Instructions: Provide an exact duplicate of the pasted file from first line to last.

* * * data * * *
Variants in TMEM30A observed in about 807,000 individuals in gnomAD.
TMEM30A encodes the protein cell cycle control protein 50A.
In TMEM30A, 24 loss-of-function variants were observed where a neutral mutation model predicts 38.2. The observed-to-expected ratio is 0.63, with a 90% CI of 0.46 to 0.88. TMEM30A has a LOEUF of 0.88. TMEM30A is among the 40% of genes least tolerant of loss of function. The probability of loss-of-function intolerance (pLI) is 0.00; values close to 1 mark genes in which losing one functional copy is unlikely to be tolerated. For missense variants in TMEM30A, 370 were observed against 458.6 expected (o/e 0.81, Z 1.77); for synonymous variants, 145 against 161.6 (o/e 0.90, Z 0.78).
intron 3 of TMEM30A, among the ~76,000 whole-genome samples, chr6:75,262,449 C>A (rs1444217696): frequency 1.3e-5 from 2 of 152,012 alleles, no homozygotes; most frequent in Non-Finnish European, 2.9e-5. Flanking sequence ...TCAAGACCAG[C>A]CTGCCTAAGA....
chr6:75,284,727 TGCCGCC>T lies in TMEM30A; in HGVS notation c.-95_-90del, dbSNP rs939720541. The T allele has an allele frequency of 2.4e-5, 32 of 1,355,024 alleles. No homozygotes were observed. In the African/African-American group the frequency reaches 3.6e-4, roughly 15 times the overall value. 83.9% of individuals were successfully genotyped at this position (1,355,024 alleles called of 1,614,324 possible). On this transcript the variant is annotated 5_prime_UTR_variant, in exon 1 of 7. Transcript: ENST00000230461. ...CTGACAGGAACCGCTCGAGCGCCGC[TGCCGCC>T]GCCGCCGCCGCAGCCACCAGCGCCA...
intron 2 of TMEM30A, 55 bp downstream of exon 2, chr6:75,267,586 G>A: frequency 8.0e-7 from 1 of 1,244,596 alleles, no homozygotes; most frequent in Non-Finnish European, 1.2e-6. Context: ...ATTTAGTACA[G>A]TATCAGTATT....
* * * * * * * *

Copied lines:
Variants in TMEM30A observed in about 807,000 individuals in gnomAD.
TMEM30A encodes the protein cell cycle control protein 50A.
In TMEM30A, 24 loss-of-function variants were observed where a neutral mutation model predicts 38.2. The observed-to-expected ratio is 0.63, with a 90% CI of 0.46 to 0.88. TMEM30A has a LOEUF of 0.88. TMEM30A is among the 40% of genes least tolerant of loss of function. The probability of loss-of-function intolerance (pLI) is 0.00; values close to 1 mark genes in which losing one functional copy is unlikely to be tolerated. For missense variants in TMEM30A, 370 were observed against 458.6 expected (o/e 0.81, Z 1.77); for synonymous variants, 145 against 161.6 (o/e 0.90, Z 0.78).
intron 3 of TMEM30A, among the ~76,000 whole-genome samples, chr6:75,262,449 C>A (rs1444217696): frequency 1.3e-5 from 2 of 152,012 alleles, no homozygotes; most frequent in Non-Finnish European, 2.9e-5. Flanking sequence ...TCAAGACCAG[C>A]CTGCCTAAGA....
chr6:75,284,727 TGCCGCC>T lies in TMEM30A; in HGVS notation c.-95_-90del, dbSNP rs939720541. The T allele has an allele frequency of 2.4e-5, 32 of 1,355,024 alleles. No homozygotes were observed. In the African/African-American group the frequency reaches 3.6e-4, roughly 15 times the overall value. 83.9% of individuals were successfully genotyped at this position (1,355,024 alleles called of 1,614,324 possible). On this transcript the variant is annotated 5_prime_UTR_variant, in exon 1 of 7. Transcript: ENST00000230461. ...CTGACAGGAACCGCTCGAGCGCCGC[TGCCGCC>T]GCCGCCGCCGCAGCCACCAGCGCCA...
intron 2 of TMEM30A, 55 bp downstream of exon 2, chr6:75,267,586 G>A: frequency 8.0e-7 from 1 of 1,244,596 alleles, no homozygotes; most frequent in Non-Finnish European, 1.2e-6. Context: ...ATTTAGTACA[G>A]TATCAGTATT....